Tender is the right way to do business

Most disputes are settled with a handshake rather than going to court. Picture: Craig Stephen

Most disputes are settled with a handshake rather than going to court. Picture: Craig Stephen

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A better bet than ‘going the distance’ argues Alistair Dean

Here’s the thing about commercial litigation: the vast majority of court actions settle. In percentage terms, you could probably count on the fingers of one hand the cases which “go the distance’” Raising a court action is supposed to be the last resort, as all attempts at negotiation having failed. So, at least 95 per cent of commercial court actions are resolved, one way or the other, by a handshake.

As an evidential hearing looms, clients and lawyers alike tend to move to settle. This is hardly a ground-breaking revelation, but I am often intrigued by the psychology behind this. No doubt books could be (and probably have been) written about this tendency towards settlement, but one factor is certainly the mounting costs. The longer a case exists, the higher the costs, sometimes to the point where the costs exceed the amount in dispute. Court actions tend to be all or nothing, and on the basis that costs follow success, the stakes escalate like a long drawn-out poker game.

So most actions involve a compromise. Herein lies something else which intrigues me: if compromise is the way in which most actions conclude, why do most actions not involve the lodging of a tender?

The value of a judicial tender is often overlooked and lawyers should be more creative when thinking about the tendering process.

So, what is a tender, and how does it work? Tenders exist to protect a defender in a litigation. Let’s take an example, in the construction industry. A contractor sues its client for £100k, claiming this is the balance due, following the completion of the building. The client believes the builder caused delay, is inflating its claim, and is due nothing.

What the client should contemplate is that it is likely that some sort of award will be made against him, albeit nothing like £100k. The client might be happy to actually pay £20k if that made the action go away. In these circumstances, the client should lodge a tender.

A tender is a formal court document offering the pursuer a specific sum of money, plus the expenses of the action to the date of lodging the tender. It is issued to the pursuer and sent to the court in a sealed envelope. It’s a gloriously basic concept.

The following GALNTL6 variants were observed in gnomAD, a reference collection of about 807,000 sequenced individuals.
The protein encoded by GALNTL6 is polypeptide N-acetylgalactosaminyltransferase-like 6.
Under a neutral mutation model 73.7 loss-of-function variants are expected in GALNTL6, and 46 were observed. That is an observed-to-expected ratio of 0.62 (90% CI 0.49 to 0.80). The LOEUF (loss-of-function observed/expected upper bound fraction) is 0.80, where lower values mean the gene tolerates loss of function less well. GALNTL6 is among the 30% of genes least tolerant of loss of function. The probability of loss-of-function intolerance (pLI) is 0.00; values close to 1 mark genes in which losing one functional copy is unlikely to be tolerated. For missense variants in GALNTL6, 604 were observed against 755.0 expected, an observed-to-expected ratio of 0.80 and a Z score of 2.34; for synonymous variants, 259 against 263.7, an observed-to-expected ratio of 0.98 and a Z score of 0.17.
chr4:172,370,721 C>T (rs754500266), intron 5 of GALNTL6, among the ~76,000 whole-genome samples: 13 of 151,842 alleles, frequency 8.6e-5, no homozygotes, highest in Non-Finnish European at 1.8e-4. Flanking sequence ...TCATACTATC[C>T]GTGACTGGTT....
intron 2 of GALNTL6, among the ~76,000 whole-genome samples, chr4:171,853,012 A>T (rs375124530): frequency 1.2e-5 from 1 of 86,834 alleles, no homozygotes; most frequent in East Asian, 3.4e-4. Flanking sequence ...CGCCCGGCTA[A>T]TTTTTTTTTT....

Let’s say the client tenders £25k, plus expenses. The builder can reject it, accept, it or ignore it. However, if it is not accepted and the case proceeds to court, then following the court’s decision, the sheriff or judge will then open the envelope and see that a tender was lodged and not accepted. If the court awards a higher sum than contained in the tender, the pursuer will, as would be the case if there was no tender, be awarded expenses. This is likely to be so even if the award is far less than the amount sued for.

However, let’s say the court awards £20k to the builder. The judge will see that a higher sum was offered previously, and wasn’t accepted. What this means is that the pursuer is liable to pay the defender’s expenses from the date of lodging the tender, onwards. The logic is that the pursuer ought to have accepted the tender, and because he didn’t, he is responsible for the costs of everything thereafter.

You can be creative with tenders. £20k one week, £30k a month later, £40k amonth later, then back down to £30k, and maybe withdraw all tenders a month later. They can have profoundly unsettling effects on one’s opponent. Why has a tender just been withdrawn? Should we accept the tender? How was it calculated?

You can see the obvious advantages of the tender mechanism. A building firm might feel relatively relaxed in a litigation where it thinks it is bound to get something but it is a completely different matter where a tender is involved. It is continuing to litigate at a far greater risk to itself. It puts the defender in a stronger negotiating position. It is a sign of a defender who understands the practicalities of litigation, and protects itself.

A tender is a simple, highly effective tool which all litigators should be alert to at the earliest possible stage. I suspect in the early exchanges of a litigation, when both sides are entrenched and happy to “go the distance”, the last thing a defender wants is make an offer to pay anything, especially if that also has to include costs. However counter-intuitive it may feel, it is probably the first thing a defender should do.

• Alistair Dean is principal at ADLP http://adlp.co.uk/

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